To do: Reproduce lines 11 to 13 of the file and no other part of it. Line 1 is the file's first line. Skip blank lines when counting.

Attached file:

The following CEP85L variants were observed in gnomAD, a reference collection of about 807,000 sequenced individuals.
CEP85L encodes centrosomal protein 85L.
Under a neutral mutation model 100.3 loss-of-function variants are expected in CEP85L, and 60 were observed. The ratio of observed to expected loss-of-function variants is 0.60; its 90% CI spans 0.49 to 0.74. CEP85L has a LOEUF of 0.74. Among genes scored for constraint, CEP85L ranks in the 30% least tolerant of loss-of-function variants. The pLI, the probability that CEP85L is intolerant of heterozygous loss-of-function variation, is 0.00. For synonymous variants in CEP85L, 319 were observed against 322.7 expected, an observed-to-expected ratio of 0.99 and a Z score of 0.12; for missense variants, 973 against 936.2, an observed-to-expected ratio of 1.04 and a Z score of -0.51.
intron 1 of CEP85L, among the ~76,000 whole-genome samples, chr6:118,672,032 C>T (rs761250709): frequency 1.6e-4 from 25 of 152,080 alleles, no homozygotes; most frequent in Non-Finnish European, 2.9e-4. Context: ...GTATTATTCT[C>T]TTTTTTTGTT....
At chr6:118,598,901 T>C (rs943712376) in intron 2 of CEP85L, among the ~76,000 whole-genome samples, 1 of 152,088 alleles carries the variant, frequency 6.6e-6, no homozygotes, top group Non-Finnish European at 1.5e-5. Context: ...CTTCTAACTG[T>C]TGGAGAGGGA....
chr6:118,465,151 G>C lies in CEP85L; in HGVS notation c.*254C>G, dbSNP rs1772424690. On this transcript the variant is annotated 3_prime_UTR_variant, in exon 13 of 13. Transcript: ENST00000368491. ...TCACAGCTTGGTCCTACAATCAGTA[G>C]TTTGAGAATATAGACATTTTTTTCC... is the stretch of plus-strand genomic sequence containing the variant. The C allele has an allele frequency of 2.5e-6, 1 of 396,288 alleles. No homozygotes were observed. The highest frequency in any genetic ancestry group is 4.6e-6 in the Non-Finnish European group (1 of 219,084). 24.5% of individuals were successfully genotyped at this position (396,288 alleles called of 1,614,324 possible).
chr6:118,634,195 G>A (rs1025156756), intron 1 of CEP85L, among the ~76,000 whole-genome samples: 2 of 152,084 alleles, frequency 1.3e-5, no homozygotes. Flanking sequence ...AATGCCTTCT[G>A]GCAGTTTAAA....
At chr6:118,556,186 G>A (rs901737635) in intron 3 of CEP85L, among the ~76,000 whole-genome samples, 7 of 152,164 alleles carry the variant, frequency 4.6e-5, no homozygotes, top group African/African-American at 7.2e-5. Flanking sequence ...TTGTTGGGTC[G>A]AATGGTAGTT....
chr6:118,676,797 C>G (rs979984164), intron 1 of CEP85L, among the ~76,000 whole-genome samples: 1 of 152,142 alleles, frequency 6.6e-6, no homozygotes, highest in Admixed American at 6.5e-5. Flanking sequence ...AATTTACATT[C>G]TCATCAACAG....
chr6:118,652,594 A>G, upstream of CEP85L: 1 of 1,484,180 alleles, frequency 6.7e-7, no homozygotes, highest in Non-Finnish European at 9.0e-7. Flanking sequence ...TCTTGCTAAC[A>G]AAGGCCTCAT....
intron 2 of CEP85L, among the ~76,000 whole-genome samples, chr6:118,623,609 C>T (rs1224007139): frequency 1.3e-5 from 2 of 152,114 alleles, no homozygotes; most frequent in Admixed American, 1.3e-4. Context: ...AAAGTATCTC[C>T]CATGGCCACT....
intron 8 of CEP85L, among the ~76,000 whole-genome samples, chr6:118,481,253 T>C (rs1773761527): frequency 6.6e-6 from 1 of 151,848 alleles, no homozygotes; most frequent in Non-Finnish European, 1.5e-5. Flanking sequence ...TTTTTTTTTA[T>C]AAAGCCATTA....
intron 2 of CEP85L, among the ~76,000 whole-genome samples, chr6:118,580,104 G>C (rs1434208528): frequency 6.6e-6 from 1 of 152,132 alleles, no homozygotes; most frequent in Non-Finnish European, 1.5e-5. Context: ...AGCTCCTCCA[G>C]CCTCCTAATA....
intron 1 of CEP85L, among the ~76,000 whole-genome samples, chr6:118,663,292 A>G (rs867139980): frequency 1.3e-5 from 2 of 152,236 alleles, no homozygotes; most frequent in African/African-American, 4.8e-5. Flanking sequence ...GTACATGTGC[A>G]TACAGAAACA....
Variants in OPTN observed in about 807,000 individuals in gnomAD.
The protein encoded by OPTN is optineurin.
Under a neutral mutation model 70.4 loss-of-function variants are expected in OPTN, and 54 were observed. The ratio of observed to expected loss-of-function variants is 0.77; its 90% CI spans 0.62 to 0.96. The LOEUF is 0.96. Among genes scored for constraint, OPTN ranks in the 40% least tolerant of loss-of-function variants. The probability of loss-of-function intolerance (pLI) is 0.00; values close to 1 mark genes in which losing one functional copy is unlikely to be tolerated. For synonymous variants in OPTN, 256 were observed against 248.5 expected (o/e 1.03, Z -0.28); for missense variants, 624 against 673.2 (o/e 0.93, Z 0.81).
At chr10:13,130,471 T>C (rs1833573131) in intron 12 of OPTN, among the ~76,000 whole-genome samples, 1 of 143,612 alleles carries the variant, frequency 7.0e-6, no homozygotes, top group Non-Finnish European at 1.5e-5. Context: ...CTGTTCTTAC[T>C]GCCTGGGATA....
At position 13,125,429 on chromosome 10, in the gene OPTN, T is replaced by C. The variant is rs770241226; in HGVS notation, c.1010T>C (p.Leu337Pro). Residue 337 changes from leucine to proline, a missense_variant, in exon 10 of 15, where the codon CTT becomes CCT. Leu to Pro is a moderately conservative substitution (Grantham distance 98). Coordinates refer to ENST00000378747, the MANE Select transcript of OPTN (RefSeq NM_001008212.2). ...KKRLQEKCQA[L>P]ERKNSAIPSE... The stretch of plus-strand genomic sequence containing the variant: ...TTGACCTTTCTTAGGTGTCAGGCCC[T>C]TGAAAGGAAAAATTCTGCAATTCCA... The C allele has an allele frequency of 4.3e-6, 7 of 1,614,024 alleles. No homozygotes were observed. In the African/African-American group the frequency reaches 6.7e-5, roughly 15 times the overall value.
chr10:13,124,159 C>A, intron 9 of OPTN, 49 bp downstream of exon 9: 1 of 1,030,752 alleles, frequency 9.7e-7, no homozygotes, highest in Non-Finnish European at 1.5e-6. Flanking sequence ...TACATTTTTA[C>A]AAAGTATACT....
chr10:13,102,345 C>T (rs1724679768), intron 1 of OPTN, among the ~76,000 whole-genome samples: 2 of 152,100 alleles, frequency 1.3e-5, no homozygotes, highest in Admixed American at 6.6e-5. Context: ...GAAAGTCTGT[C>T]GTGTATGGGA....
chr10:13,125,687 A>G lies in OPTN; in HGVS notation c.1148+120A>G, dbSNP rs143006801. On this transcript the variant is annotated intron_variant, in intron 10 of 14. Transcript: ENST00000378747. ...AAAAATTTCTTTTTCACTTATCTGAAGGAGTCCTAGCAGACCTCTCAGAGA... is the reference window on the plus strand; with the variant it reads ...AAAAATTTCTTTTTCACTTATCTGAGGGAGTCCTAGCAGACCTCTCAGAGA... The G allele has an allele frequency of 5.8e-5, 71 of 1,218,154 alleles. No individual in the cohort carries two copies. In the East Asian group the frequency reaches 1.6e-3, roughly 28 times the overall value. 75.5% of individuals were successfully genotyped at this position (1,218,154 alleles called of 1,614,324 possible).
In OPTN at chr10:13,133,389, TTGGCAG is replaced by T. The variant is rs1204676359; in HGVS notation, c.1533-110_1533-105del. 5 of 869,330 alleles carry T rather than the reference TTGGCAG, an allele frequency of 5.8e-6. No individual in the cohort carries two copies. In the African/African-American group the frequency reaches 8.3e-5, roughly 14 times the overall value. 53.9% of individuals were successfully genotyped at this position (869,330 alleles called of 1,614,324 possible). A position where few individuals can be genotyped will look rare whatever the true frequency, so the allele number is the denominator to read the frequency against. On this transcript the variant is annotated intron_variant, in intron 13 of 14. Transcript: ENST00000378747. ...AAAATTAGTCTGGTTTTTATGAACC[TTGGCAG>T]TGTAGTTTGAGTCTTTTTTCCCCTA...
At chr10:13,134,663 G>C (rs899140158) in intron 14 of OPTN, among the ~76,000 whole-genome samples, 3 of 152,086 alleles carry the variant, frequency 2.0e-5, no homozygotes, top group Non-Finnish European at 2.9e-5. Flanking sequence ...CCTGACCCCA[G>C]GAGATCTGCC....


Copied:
intron 2 of CEP85L, among the ~76,000 whole-genome samples, chr6:118,623,609 C>T (rs1224007139): frequency 1.3e-5 from 2 of 152,114 alleles, no homozygotes; most frequent in Admixed American, 1.3e-4. Context: ...AAAGTATCTC[C>T]CATGGCCACT....
intron 8 of CEP85L, among the ~76,000 whole-genome samples, chr6:118,481,253 T>C (rs1773761527): frequency 6.6e-6 from 1 of 151,848 alleles, no homozygotes; most frequent in Non-Finnish European, 1.5e-5. Flanking sequence ...TTTTTTTTTA[T>C]AAAGCCATTA....
intron 2 of CEP85L, among the ~76,000 whole-genome samples, chr6:118,580,104 G>C (rs1434208528): frequency 6.6e-6 from 1 of 152,132 alleles, no homozygotes; most frequent in Non-Finnish European, 1.5e-5. Context: ...AGCTCCTCCA[G>C]CCTCCTAATA....